Refinancing help should be focus of Fan and Fred

Posted: September 19, 2010

Mark Zandi

is chief economist

of Moody's Analytics

Millions of American homeowners appear to be good candidates for taking advantage of today's extremely low mortgage rates by refinancing. Yet, too many are being shut out of this opportunity to significantly reduce their monthly payments. The struggling economy is also missing out on a much-needed boost that would ensue if more homeowners suddenly had a little extra money to spend each month after making their house payments.

The reason is that lenders are withholding their best interest rates from potential refinancers whose credit ratings and home equity have eroded in the tough economy - even from borrowers who have kept current on their mortgages. At a time when every dollar counts for stressed homeowners, as well as for the recovery, this situation is disheartening.

The Obama administration could address this problem quickly. Fannie Mae and Freddie Mac - the huge mortgage institutions that failed during the financial panic two years ago and are now wards of the federal government - appear to be doing roughly the same thing as private lenders: charging higher refinancing rates for those whose credit scores and home values were undermined by the housing bust and Great Recession.

This practice may have made some sense when Fannie and Freddie were profit-making institutions beholden to private shareholders, but it makes no sense now that they are part of the federal government. Their sole focus now should be on helping heal the housing and mortgage markets and overall economy. Since Fred and Fan account for about half of all the mortgage loans outstanding, this is a big deal.

With mortgage rates about as low as they have ever been, anyone paying more than 5.5 percent should be considering a refinance - and many homeowners are doing just that. Applications for refinancings have risen strongly in recent weeks to levels last seen in the biggest refi boom on record nearly a decade ago, during the recession that followed the technology bust.

Yet, the current wave seems likely to fall well short of the previous boom, even though rates are much lower now. Conventional fixed mortgage rates are now well below 4.5 percent. A decade ago, they were closer to 7.5 percent; two decades ago nearly 10 percent; and three decades ago an almost-unimaginable 16 percent-plus.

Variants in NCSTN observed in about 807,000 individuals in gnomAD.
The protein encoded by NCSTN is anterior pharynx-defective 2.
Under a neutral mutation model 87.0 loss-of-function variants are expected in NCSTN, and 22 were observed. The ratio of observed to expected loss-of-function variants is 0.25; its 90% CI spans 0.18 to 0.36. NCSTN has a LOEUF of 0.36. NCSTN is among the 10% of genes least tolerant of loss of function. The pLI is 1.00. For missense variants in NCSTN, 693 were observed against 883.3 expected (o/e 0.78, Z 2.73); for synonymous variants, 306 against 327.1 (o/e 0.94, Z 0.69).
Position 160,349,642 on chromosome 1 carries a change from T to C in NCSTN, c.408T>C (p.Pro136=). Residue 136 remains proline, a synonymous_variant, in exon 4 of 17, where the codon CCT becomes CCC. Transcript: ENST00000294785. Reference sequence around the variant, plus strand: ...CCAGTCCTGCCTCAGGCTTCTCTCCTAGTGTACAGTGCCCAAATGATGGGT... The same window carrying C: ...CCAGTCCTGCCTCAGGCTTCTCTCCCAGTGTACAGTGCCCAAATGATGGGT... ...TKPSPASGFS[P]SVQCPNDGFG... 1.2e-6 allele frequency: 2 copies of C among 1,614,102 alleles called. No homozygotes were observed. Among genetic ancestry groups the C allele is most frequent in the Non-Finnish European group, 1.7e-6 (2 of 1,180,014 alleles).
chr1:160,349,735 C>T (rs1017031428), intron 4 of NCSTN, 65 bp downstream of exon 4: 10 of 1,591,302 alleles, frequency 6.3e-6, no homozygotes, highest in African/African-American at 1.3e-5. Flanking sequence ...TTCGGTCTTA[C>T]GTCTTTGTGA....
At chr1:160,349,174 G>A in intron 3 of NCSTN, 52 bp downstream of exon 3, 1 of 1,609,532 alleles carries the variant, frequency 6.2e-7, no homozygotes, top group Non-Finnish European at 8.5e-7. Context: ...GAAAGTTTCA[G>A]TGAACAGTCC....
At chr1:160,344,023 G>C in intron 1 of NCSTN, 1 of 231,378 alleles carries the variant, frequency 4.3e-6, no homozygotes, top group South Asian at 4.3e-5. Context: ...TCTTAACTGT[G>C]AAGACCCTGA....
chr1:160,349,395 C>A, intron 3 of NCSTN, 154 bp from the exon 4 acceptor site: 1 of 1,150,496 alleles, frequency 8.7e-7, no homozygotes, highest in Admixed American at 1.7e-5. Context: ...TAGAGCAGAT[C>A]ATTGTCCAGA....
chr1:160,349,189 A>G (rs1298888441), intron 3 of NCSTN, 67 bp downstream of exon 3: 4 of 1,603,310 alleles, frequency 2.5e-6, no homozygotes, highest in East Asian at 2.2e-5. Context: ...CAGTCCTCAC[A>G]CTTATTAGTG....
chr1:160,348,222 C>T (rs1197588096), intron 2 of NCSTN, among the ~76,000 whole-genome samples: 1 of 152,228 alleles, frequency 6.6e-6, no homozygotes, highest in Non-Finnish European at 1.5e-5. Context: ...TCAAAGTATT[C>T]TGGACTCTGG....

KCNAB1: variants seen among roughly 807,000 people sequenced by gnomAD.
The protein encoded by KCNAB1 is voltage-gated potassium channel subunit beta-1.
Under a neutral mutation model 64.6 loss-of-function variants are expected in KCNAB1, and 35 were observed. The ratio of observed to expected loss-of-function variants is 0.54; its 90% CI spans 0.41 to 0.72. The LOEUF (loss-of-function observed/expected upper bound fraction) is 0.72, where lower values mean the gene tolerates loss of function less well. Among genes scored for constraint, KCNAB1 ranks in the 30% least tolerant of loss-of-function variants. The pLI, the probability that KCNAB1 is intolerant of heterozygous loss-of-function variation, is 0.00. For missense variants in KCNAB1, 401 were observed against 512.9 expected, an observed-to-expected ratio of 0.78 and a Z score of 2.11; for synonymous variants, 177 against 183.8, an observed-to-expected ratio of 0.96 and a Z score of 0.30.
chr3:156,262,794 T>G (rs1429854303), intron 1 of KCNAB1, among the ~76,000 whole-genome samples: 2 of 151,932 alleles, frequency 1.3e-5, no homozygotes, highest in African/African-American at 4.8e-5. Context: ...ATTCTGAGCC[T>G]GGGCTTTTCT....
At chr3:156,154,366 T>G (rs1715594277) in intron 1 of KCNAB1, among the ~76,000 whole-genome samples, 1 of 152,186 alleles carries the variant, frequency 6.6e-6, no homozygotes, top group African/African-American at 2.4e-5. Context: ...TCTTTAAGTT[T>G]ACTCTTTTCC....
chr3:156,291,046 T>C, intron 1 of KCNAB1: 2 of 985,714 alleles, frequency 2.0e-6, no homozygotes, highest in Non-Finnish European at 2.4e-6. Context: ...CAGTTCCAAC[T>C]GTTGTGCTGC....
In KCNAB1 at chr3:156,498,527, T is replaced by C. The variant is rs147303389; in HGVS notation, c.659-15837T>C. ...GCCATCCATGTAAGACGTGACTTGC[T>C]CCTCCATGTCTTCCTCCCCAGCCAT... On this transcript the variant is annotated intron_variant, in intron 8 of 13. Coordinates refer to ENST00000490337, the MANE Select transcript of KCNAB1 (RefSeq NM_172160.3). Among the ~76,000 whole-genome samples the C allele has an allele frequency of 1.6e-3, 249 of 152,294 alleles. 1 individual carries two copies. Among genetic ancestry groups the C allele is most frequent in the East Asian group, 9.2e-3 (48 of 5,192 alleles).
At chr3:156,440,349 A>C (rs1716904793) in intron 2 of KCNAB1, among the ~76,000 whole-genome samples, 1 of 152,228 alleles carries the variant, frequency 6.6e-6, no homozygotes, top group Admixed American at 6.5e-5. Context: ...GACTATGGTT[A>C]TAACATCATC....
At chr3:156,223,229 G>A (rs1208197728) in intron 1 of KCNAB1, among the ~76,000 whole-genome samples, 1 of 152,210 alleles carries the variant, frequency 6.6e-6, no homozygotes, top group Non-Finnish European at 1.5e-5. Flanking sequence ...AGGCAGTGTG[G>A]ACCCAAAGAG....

Whether a refi makes financial sense for you depends on how long you plan to live in your home and the size of your mortgage, but a good rule of thumb is that if current rates are more than a percentage point below what you are now paying, you should be calling your lender.

Unfortunately, nearly everyone's home has fallen in value, and thus the equity in our homes - the difference between the home's value and the mortgage debt owed - has diminished or even gone negative. About 14 million of the nation's nearly 50 million homeowners with first mortgages are now under water - that is, they owe more than their homes are worth. Lenders are wary of those with little or no home equity. With no "skin in the game," they are considered more likely to stop making their payments if something else goes wrong in their financial life.

And of course, a lot has gone wrong, which has significantly lowered homeowners' credit scores. Lenders look closely at these scores, which are based on the borrower's payment history and current debt load, to determine the likelihood that the loan will be repaid. With nearly half of all Americans having endured a bout of unemployment or underemployment in recent years, lots of people have been struggling to make their credit card, auto, and mortgage payments. Their credit scores have naturally suffered.

If you're one of these people, lenders will charge you a higher interest rate to refinance. The logic from the lenders' perspective, especially if they don't already own your mortgage, is that they are taking on more risk, so you should pay more in interest. Even if a lender owns your loan and will suffer if you default on the higher payments, they may still hesitate to let you refinance at a lower rate that will pay them less in interest if they think the odds of your defaulting are low enough.

All of this is hard to get one's mind around, but what is more mind-boggling is that Fannie and Freddie - now wards of the taxpayers - aren't helping with this problem. The way to solve it is simple: Prohibit Fan and Fred from charging higher rates for borrowers who are current on their payments, even if they have little or even negative equity in their homes or low credit scores. That way, more mortgages would get refinanced, fewer borrowers would default, more homeowners would have more money in their checkbooks, and the economy would receive a quick cash infusion.

With fewer defaults, even Fannie and Freddie - and, by extension, taxpayers - would benefit. True, Fan and Fred would receive less in interest, as would the other private investors in mortgage securities backed by the Fan and Fred loans being refinanced, but most global investors have been surprised that they haven't been refinanced out of more loans already.

Since the Treasury Department now oversees Fan and Fred daily, this problem can be rectified quickly. We - the taxpayers - will ultimately pay hundreds of billions of dollars for the privilege of owning Fan and Fred. We should begin to act like owners.


Contact Mark Zandi via help@economy.com.

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